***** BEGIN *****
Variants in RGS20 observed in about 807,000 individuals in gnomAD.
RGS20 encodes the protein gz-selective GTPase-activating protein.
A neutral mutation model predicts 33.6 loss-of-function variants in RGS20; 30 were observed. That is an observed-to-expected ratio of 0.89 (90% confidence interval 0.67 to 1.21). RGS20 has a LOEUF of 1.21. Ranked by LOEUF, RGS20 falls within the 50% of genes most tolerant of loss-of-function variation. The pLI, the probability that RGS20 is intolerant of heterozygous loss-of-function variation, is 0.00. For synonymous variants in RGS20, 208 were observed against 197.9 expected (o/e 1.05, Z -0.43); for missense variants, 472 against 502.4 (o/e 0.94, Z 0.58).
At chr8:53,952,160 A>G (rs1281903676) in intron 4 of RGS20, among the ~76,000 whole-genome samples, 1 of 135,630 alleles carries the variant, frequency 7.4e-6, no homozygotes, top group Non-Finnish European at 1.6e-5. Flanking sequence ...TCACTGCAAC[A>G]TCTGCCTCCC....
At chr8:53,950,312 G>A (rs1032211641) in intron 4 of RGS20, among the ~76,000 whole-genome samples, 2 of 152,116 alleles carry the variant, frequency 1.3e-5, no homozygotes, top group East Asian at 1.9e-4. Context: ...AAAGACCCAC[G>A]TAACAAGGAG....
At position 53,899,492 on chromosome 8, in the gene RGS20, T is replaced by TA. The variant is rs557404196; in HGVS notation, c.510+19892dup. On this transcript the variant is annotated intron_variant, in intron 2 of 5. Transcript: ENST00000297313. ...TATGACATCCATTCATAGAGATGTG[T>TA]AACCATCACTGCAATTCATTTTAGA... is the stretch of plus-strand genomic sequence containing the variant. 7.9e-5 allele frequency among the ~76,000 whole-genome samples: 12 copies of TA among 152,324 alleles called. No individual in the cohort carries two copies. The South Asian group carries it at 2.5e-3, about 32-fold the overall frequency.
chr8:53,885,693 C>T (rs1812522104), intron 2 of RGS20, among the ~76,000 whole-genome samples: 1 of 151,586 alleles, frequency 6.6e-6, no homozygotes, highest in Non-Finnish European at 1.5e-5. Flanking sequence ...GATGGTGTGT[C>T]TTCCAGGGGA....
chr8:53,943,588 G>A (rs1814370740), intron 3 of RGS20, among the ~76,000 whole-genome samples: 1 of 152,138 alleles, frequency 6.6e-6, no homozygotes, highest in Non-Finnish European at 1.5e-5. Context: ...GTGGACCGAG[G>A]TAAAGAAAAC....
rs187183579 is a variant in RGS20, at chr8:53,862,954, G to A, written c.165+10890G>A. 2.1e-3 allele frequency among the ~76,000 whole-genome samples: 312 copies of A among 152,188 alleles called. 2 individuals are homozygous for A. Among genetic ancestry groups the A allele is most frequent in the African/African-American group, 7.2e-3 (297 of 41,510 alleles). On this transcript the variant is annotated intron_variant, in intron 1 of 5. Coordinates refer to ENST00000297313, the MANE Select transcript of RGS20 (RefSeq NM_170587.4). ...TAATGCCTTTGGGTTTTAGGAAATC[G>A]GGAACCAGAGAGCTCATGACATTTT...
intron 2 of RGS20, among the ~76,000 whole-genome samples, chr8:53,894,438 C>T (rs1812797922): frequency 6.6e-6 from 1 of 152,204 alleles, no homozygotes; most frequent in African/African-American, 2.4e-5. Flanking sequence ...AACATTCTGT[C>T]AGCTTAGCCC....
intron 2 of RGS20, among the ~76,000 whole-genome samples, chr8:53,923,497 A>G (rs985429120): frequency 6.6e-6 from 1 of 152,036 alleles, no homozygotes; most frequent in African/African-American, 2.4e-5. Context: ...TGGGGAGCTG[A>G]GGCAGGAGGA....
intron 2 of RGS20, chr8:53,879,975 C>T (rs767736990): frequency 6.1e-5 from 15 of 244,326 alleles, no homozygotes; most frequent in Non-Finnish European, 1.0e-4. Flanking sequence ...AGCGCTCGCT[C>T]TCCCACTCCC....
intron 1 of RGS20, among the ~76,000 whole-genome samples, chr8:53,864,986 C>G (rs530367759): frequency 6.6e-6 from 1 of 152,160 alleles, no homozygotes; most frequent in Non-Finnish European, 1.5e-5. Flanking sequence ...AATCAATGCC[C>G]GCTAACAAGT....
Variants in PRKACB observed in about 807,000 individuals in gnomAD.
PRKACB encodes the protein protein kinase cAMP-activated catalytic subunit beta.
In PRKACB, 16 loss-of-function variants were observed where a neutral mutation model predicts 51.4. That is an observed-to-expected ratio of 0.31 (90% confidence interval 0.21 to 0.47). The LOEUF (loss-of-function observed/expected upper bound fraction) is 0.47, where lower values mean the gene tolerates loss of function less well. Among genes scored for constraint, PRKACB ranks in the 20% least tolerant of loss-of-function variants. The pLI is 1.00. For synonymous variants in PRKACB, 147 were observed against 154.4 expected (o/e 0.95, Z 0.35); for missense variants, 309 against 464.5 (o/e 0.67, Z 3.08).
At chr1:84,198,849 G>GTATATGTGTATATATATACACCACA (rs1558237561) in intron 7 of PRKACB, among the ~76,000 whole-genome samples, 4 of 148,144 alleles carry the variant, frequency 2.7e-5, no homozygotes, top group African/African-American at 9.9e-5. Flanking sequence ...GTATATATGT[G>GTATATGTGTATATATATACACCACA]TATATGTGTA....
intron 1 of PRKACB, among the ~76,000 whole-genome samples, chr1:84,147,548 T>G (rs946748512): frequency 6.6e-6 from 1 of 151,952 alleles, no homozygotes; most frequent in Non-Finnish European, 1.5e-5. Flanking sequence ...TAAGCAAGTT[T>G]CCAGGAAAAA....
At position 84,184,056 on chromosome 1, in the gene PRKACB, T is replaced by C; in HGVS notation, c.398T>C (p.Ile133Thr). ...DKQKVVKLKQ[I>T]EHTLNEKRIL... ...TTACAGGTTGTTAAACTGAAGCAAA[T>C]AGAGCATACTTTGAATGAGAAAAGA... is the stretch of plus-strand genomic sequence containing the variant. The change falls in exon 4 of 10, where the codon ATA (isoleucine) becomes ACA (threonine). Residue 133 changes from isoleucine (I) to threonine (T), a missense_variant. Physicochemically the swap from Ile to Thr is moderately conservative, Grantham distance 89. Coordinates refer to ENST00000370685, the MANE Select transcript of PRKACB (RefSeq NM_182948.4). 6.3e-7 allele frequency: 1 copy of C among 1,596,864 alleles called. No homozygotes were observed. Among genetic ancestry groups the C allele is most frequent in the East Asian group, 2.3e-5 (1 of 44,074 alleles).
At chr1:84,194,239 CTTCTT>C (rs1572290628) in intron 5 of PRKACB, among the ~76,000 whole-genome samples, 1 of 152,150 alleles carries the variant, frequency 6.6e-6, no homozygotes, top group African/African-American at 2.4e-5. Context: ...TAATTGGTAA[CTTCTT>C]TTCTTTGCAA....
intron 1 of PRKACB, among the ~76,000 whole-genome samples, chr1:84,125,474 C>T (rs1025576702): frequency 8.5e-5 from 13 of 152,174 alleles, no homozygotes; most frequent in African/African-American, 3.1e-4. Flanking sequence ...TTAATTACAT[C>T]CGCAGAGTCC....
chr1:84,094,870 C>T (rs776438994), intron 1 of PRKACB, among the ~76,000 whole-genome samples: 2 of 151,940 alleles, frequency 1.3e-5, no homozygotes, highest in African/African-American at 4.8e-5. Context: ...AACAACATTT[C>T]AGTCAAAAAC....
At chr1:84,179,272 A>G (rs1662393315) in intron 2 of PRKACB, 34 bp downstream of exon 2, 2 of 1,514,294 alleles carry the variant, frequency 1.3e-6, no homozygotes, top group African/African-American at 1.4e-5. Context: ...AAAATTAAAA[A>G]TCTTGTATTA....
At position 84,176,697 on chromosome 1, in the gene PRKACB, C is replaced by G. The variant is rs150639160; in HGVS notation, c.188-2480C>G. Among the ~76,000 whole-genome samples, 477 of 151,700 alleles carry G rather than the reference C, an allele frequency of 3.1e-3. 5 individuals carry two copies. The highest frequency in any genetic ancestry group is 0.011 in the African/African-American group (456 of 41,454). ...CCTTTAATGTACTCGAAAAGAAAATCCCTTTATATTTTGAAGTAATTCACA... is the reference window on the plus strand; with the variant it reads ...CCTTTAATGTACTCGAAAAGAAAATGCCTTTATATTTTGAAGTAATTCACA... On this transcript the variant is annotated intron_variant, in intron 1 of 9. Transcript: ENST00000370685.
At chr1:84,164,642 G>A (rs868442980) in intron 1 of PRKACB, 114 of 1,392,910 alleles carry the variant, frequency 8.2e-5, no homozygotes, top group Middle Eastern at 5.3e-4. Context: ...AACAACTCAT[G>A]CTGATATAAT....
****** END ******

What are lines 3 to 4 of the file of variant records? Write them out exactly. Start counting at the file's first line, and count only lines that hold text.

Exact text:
A neutral mutation model predicts 33.6 loss-of-function variants in RGS20; 30 were observed. That is an observed-to-expected ratio of 0.89 (90% confidence interval 0.67 to 1.21). RGS20 has a LOEUF of 1.21. Ranked by LOEUF, RGS20 falls within the 50% of genes most tolerant of loss-of-function variation. The pLI, the probability that RGS20 is intolerant of heterozygous loss-of-function variation, is 0.00. For synonymous variants in RGS20, 208 were observed against 197.9 expected (o/e 1.05, Z -0.43); for missense variants, 472 against 502.4 (o/e 0.94, Z 0.58).
At chr8:53,952,160 A>G (rs1281903676) in intron 4 of RGS20, among the ~76,000 whole-genome samples, 1 of 135,630 alleles carries the variant, frequency 7.4e-6, no homozygotes, top group Non-Finnish European at 1.6e-5. Flanking sequence ...TCACTGCAAC[A>G]TCTGCCTCCC....